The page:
Scientific debate around Cheonan findings heats up
:Two experts say the explosive aluminum oxide discovered was really Gibbsite, a clay substance
By Lee Yong-inn
Posted on : Jul.2,2010 12:31 KST
The “scientific debate” surrounding the results of the joint civilian-military investigation team has heated up, as refutations and counter points have emerged from several scientists who have raised issues with the findings. In particular, scientists have voiced the opinion that the results of analysis of explosive residue found on the ship, raised as one of the pieces of “decisive evidence” of a torpedo attack, is similar to a substance that appears in simple clay.
University of Virginia Physics Professor Lee Seung-heon and Dr. Yang Panseok, head of analysis at the University of Manitoba’s department of geological sciences, said in a report recently sent to Hankyoreh 21 that the energy spectroscopy graph announced on May 20 as an explosive substance was not droplets of aluminum oxide, an explosive substance, but Gibbsite, a clay substance that naturally occurs due to weathering. Gibbsite could come from sediment soil from the seas in front of Baengnyeong Island, and it is commonly extracted in its natural state and used as fire-retardant material in vessels like the Cheonan.
In analyzing an energy spectroscopy graph, it is possible to identify a substance though the ratio of its elements. The joint investigation team determined the substance was aluminum oxide, with an aluminum-oxygen ratio of 0.92 for the residue found on the Cheonan hull and 0.9 on the fragments of the torpedo. The two scientists, however, said the results of simulations at the U.S. National Institute of Standards and Technology (NIST) resulted in an aluminum-oxygen ratio of 0.23 for aluminum oxide, and that the result presented by the investigation team was closer to Gibbsite at 0.85.
In response to criticism that the substance had too much oxygen for aluminum, the investigation team said in a meeting with representatives of the press on June 29 that the sample of the substance absorbed into the hull was about 40 percent water, which includes oxygen.
Professor Lee, a joint researcher, said that energy spectroscopy tests are performed in a vacuum, so there could be no moisture in the test. He said the moisture the investigation team referred to was just the hydrogen and oxygen that exists in Gibbsite, mistakenly identified by the team.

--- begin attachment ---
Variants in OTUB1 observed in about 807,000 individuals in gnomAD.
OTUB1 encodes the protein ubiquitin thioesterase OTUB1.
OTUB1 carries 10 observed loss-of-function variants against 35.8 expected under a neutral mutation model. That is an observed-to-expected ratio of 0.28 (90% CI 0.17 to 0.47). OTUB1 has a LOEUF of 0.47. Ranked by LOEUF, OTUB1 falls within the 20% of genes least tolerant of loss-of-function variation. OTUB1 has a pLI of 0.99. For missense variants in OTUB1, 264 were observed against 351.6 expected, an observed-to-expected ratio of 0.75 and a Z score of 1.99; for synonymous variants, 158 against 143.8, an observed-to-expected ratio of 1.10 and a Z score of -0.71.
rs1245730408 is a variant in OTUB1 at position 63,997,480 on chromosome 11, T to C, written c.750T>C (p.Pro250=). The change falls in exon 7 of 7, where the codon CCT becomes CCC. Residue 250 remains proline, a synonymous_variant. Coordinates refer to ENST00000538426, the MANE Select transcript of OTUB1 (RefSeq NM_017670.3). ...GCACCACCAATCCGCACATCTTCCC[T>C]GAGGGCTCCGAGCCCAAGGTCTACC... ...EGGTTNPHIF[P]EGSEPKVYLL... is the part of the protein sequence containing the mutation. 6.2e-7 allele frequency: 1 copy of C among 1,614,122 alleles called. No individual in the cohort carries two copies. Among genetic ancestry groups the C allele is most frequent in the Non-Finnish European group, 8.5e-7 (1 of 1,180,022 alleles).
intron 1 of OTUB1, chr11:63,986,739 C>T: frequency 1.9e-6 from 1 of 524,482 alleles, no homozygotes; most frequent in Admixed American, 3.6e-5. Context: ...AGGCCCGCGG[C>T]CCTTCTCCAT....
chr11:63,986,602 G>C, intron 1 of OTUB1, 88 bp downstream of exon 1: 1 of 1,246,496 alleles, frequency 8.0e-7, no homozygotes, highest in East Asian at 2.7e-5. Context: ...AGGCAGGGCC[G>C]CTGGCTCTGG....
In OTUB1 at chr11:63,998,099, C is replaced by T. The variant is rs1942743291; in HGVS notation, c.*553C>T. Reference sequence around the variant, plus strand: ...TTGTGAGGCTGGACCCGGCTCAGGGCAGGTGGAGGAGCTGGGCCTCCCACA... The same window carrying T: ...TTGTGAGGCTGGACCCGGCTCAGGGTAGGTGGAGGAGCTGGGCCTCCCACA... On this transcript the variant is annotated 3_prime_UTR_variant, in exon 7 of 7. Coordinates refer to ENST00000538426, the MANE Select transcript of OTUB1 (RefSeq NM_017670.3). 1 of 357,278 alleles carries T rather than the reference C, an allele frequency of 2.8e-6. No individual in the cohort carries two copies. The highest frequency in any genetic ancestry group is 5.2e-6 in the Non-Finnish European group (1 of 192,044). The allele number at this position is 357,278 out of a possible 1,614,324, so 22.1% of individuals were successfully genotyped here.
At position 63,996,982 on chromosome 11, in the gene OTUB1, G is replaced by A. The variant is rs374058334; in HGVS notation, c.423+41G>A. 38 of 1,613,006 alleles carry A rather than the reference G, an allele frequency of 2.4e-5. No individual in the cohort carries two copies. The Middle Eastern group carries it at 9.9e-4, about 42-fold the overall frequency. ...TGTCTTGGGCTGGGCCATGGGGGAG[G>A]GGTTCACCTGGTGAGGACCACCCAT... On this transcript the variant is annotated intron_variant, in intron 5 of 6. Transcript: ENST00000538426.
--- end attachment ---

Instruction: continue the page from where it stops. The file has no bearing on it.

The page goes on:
A senior-level researcher with a civilian research facility that handles sample analysis said Thursday that a spectroscopy test measures the frequency of electrons as they collide and are emitted after a sample has been zapped with an electron gun. He explained that only if the sample is in a vacuum could electrons reach it. The researcher said the sample is dried beforehand, and even if it is not, all the moisture would leave during the process of creating a vacuum.
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Requested Security Council Cheonan measures weaken considerably
: Instead of sanctions against North Korea, the proposed statement now denounces “those responsible”
By Kwon Tae-ho
Posted on : Jul.2,2010 12:27 KST
'Contrary to the Lee Myung-bak administration’s initial expectations, the U.N. Security Council measures on the Cheonan sinking currently being pursued by the administration are known to be at a rather muted level.'
'In the early stages, the Lee Myung-bak administration primarily used the phrase “a resolution for sanctions against North Korea” in referring to UNSC measures in response to the Cheonan sinking. Currently, however, it is having a difficult time inserting a passage in the president’s statement specifying that North Korea bears responsibility for the sinking of the Cheonan. The government official said that the draft adopted by the UNSC would be at the level of the statement from the G-8 summit held in Canada.'
'However, due to objections from Russia, the G-8 summit did not specify that “those responsible” referred to “North Korea.” The UNSC, however, includes China, which is not part of the G-8 summit. In terms of scope, the UNSC draft is expected to fall short of the G-8 summit statement.'
'Meanwhile, North Korea sent a letter to the UNSC on Tuesday stating the need for a joint North Korean-South Korean investigation to determine the facts of the Cheonan’s sinking. While this was not a significant departure from its previous request to send a review team, it does indicate a relative step forward. The U.S. expressed its opposition, saying that no further investigation of the Cheonan sinking was necessary.'